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North West 200: Wet weather kings set to pour misery on sun worshippers

With torrential rain and high winds forecast on the North Coast, today’s Relentless International North West 200 will more than likely come down to a battle between the wet weather specialists.

And if you add in the problematic and often frustrating decisions for teams on bike set-up and tyre choice, experience really comes into play.

Michael Rutter set the pole position time in the Superbike class in dry conditions on his Rapid Solicitors/Bathams Ducati, and with 12 wins from 21 podiums since his debut back in 1992, the 39-year-old Englishman will be many people’s favourite for a wet weather Superbike double this afternoon.

Setting a bike up for wet conditions is something of a ‘black art’, and even with the correct tyre combination and suspension set-up, a rider still needs a large portion of bravery to succeed around the high-speed 8.9-mile Triangle circuit.

Portadown’s Phillip McCallen, the only man to have won five races in a day at the North West 200, back in 1992, explains the difficulty facing the riders in today’s event.

“Some riders enjoy racing in the wet and others not so much. It’s all about getting a setting that gives you maximum feel and feedback so it no longer becomes all about power,” explained McCallen. “Everything is softened off and the playing field becomes levelled.

“In those conditions you have to favour the Rutters and Farquhars of this world but never rule out Michael Dunlop, Alastair Seeley or even Bruce Anstey.

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“It will make it very interesting indeed; there’s no doubt about that.”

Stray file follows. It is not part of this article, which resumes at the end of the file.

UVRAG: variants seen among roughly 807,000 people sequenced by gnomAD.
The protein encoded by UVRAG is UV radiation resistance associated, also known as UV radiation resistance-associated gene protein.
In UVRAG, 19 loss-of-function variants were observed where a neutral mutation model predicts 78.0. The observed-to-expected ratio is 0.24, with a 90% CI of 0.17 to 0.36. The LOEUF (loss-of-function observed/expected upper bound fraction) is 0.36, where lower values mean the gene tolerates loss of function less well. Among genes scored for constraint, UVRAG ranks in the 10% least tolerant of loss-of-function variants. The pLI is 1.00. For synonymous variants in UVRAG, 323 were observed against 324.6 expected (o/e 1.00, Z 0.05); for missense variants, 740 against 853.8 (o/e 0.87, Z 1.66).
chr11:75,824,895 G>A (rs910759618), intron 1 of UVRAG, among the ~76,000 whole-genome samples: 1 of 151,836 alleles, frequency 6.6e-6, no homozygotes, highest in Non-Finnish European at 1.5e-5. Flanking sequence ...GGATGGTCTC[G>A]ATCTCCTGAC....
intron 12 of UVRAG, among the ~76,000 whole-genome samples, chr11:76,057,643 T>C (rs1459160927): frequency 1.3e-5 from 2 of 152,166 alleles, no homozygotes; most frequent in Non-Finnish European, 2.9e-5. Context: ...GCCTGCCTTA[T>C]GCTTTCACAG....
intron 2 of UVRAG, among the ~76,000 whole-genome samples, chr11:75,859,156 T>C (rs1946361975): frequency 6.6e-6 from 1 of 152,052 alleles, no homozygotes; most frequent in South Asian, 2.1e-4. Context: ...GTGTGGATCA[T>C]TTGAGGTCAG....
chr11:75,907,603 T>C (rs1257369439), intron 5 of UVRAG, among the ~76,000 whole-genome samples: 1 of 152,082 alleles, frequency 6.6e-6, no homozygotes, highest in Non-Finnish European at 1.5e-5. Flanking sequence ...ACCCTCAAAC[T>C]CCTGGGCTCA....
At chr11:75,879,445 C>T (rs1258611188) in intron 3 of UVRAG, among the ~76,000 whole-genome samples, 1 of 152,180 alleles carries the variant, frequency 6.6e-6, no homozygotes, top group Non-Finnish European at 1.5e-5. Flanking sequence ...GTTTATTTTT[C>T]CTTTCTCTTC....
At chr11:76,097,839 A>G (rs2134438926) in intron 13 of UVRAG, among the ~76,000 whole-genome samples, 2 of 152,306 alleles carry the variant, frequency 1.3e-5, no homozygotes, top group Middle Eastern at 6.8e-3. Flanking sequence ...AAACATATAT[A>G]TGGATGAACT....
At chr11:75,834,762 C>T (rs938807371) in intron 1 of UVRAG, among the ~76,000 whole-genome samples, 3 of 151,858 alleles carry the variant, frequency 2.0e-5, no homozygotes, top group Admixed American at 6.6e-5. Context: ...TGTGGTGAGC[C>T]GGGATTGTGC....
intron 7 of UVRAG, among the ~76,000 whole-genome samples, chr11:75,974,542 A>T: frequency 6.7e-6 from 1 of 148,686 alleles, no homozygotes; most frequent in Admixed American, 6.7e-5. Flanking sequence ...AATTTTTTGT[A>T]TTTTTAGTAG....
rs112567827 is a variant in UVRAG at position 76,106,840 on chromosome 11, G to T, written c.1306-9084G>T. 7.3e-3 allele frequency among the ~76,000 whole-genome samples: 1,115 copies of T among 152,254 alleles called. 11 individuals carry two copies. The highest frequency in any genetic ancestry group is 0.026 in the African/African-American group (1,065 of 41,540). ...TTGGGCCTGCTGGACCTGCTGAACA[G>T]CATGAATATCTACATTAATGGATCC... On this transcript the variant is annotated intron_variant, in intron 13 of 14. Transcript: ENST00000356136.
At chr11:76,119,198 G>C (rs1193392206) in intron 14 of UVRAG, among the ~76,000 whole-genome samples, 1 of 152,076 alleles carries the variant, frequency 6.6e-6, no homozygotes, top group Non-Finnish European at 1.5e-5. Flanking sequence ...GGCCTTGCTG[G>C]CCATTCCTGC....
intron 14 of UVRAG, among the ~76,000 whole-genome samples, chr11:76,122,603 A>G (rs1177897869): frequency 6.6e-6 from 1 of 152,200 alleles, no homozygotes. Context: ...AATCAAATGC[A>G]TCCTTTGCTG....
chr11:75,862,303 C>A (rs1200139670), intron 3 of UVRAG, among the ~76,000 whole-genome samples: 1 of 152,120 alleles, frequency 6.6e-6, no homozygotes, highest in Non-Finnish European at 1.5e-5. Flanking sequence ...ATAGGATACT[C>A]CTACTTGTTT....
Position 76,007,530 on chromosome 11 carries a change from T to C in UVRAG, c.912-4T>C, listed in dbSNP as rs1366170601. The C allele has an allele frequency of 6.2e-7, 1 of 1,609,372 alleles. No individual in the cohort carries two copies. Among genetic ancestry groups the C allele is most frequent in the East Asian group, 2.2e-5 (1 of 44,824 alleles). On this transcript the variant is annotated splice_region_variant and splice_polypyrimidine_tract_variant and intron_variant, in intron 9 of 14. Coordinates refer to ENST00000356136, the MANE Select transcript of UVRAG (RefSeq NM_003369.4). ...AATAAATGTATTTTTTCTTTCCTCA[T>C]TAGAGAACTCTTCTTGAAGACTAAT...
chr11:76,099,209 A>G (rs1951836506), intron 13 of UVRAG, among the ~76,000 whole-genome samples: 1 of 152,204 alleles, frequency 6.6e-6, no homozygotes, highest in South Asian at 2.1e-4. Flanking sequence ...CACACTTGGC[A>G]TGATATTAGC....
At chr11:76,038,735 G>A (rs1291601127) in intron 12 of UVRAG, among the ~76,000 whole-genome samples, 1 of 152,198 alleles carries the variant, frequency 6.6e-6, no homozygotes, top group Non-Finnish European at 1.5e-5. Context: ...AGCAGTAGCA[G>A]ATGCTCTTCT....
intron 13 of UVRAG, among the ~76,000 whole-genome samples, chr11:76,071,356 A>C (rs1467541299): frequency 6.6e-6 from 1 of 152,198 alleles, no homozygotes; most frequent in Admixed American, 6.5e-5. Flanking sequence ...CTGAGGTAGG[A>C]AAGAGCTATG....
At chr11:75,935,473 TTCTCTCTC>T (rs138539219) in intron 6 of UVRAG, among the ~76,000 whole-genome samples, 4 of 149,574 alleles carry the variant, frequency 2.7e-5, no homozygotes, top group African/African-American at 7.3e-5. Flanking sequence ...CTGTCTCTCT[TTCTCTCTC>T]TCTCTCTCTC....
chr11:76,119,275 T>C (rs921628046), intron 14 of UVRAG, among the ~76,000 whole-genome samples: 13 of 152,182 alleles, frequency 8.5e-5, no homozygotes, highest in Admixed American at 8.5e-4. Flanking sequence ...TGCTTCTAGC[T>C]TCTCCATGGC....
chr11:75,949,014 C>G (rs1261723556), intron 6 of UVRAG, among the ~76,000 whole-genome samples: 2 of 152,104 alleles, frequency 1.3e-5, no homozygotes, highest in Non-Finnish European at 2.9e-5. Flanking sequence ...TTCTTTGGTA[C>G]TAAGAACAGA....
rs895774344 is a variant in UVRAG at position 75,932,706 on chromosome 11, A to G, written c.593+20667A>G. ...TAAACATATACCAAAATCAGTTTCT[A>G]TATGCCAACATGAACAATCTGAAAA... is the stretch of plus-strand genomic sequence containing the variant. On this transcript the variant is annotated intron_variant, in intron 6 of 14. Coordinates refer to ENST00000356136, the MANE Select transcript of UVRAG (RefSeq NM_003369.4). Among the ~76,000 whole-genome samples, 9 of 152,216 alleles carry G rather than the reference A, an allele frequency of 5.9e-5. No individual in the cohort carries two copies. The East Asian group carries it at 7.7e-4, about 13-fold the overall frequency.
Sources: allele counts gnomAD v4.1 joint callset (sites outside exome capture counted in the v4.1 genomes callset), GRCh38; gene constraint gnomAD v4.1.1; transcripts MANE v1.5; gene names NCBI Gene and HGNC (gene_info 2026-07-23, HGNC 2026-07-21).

Today’s North West 200 is Manxman Conor Cummins’ first international road race since his horrific crash at last year’s Isle of Man TT, and he has no preference on conditions for today’s races.

“It’s racing isn’t it? You just have to take it as it comes,” explained the McAdoo Kawasaki rider in his laid back nonchalant manner.

“The tough thing around here is keeping a wet tyre on the bike, as the high speed runs rip them to bits. A wet front is no problem but on the rear it’s a tough choice. I’d go for an intermediate.” Dungannon’s Ryan Farquhar [KMR Kawasaki] is a well-known wet weather specialist, but the 35-year-old believes a re-shuffle of the race programme may well be the best option in the interest of safety.

“A drop of rain would probably suit us better,” explained the three-time NW200 winner. I’ve spoken to Mervyn Whyte [Race Director] and in my opinion a 4-lap Supersport race to start the day would let us see if the wet tyres can stick it.

“If they run a practice session it’s just more expense for everyone, but we’ll just have to wait and see.”

Relentless Suzuki team manager Phillip Neill has kept a keen eye on the short-range weather forecast and was actually on his way to a meeting with Race Director Mervyn Whyte when we spoke.

“I think they may just get away with a dry opening race if it gets away on time,” Neill explained. “But we also need a practice session in the wet; there’s no doubt about that.”

Former North West 200 competitor and current BBC MotoGP and NW200 commentator Steve Parrish agrees with both Farquhar and the Relentless Suzuki team boss.

“I think it’s imperative that they have a wet practice session, but I also think Ryan’s idea of running Supersport first would work,” he said. “We always used to race here in the wet, but I suppose the bikes weren’t as fast back then and everyone wasn’t just so safety conscious. It’s a difficult decision for the organisers, as if they don’t run there will be a lot of disgruntled fans and spectators, who are pretty much the lifeblood of the event.”

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